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  • Research article
  • Open Access
  • Open Peer Review

Implication of intracellular localization of transcriptional repressor PLZF in thyroid neoplasms

  • 1,
  • 2,
  • 2,
  • 1,
  • 3,
  • 4,
  • 5,
  • 5,
  • 6,
  • 2 and
  • 1Email author
BMC Endocrine Disorders201414:52

  • Received: 13 November 2013
  • Accepted: 30 June 2014
  • Published:
Open Peer Review reports



Promyelocytic leukaemia zinc finger (PLZF) is a transcriptional repressor that was originally isolated from a patient with promyelocytic leukaemia. PLZF also affects key elements for cell cycle progression, such as cyclin A, and can affect the tumourigenicity of various cancers. Thus far, the behaviour of PLZF in thyroid carcinoma remains unclear.


We analysed the expression profile of PLZF in different types of benign and malignant thyroid lesions as well as in normal thyroid tissue. Specifically, we examined PLZF expression in normal thyroid (N; n = 4), adenomatous lesion (AL; n = 5), follicular adenoma (FA; n = 2), papillary thyroid carcinoma (PTC; n = 20), and anaplastic thyroid carcinoma (ATC; n = 3) samples. PLZF expression was estimated by western blotting and immunohistochemical (IHC) staining.


PLZF was expressed in all samples of thyroid lesions examined. In N, AL, and FA, PLZF was mainly localized in the nucleus. In contrast, in PTC and ATC, PLZF was mainly expressed in the cytosol with high intensity. In more detail, the cytoplasmic IHC scores in PTC with capsular invasion (CI) and lymph node (LN) metastasis were higher than those in PTC without CI and LN metastasis.


PLZF shows different subcellular localizations among PTC, ATC, and other thyroid lesions. Furthermore, high cytoplasmic expression of PLZF may be correlated with CI and LN metastasis in thyroid carcinoma. The present report is the first to describe the implications of intracellular PLZF expression in thyroid carcinomas.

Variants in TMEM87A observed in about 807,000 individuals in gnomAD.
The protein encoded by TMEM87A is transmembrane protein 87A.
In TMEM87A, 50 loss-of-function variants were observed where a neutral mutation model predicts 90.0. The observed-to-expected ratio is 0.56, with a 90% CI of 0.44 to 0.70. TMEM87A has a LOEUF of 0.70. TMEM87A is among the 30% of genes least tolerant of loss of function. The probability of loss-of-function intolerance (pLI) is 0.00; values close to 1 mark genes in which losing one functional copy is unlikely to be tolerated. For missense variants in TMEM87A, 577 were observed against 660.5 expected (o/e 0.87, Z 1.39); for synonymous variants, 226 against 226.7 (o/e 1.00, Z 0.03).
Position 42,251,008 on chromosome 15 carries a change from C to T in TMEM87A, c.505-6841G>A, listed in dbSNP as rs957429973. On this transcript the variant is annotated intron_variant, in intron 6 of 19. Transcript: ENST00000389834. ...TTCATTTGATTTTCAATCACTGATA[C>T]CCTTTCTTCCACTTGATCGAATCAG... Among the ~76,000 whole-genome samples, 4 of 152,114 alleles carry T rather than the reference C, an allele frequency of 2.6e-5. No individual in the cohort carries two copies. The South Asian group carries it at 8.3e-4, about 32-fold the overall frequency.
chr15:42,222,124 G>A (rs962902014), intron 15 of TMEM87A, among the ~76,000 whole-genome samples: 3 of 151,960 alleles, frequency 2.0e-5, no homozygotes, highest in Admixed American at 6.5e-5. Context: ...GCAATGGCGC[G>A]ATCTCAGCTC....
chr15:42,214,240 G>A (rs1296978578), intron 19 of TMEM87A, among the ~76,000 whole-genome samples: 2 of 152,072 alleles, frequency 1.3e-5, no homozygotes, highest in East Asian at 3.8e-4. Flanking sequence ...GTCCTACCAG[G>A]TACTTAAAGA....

• PLZF
  • Localization
  • Thyroid carcinoma
  • Tumourigenesis
  • Lymph node metastasis


Thyroid carcinoma is the most frequently occurring endocrine cancer and one of the most rapidly increasing cancers in humans [1, 2]. The majority of patients with thyroid carcinoma who undergo appropriate treatment have an excellent outcome. However, in about 10% of patients, the tumour loses its ability to take up radioiodine, or becomes poorly differentiated or redifferentiated, leading to disease recurrence and death [3]. Therefore, there is a compelling need for better understanding of thyroid tumourigenesis and improved treatment for these cases.

Promyelocytic leukaemia zinc finger (PLZF), which was first identified as a partner gene fused to retinoic acid receptor alpha in the variant chromosomal translocation t(11;17)(q23;q21) in acute promyelocytic leukaemia, is a nuclear transcription factor belonging to the BTB/POZ family [46]. Although PLZF is mainly linked to haematological cancers, some recent studies have reported a new role for PLZF in solid cancers, such as melanomas and malignant mesothelioma [7, 8]. Furthermore, wild-type PLZF has been directly linked to tumour suppression via its transcriptional repression of the c-myc oncogene [9]. These findings indicate that PLZF and PLZF derivatives can affect tumourigenesis through multiple mechanisms.

With regard to thyroid carcinoma, there have been no reports describing the possible involvement of PLZF expression and its function. We presume that PLZF in the thyroid may play a role in tumourigenesis. In the present study, we analysed the expression and intracellular distribution of PLZF in different types of benign and malignant thyroid lesions.


Human subjects

The study conformed to the principles outlined in the Declaration of Helsinki, and was approved by the Ethics Committee of the Faculty of Medicine, Tottori University. All patients provided written informed consent. Thyroid samples were obtained at surgery from patients as follows: normal thyroid (N; n = 4); adenomatous lesion (AL; n = 5); follicular adenoma (FA; n = 2); papillary thyroid carcinoma (PTC; n = 20); anaplastic thyroid carcinoma (ATC; n = 3). We performed immunohistochemical (IHC) staining in all samples, whereas western blot analyses were carried out using four samples of N (cases 1–4), five samples of AL (cases 5–9), and 13 samples of PTC (cases 12–24). We performed IHC staining using four samples of N, five samples of AL, two samples of FA, 20 samples of PTC, and three samples of ATC. The characteristics of the analysed samples are listed in Table 1.
Table 1

Summary of the thyroid neoplasm histotypes evaluated and the patient sex and age distributions




Sex (M/F)

Normal thyroid


67 ± 15


Adenomatous lesion


43 ± 11


Follicular adenoma


32 ± 9


Papillary carcinoma


57 ± 16


CI(-), LN meta(-)


51 ± 23


CI(+), LN meta(-)


64 ± 13


CI(+), LN meta(+)


51 ± 13


Anaplastic carcinoma


68 ± 9


CI; capsular invasion, LN meta; lymphnode metastasis.

Western blot analysis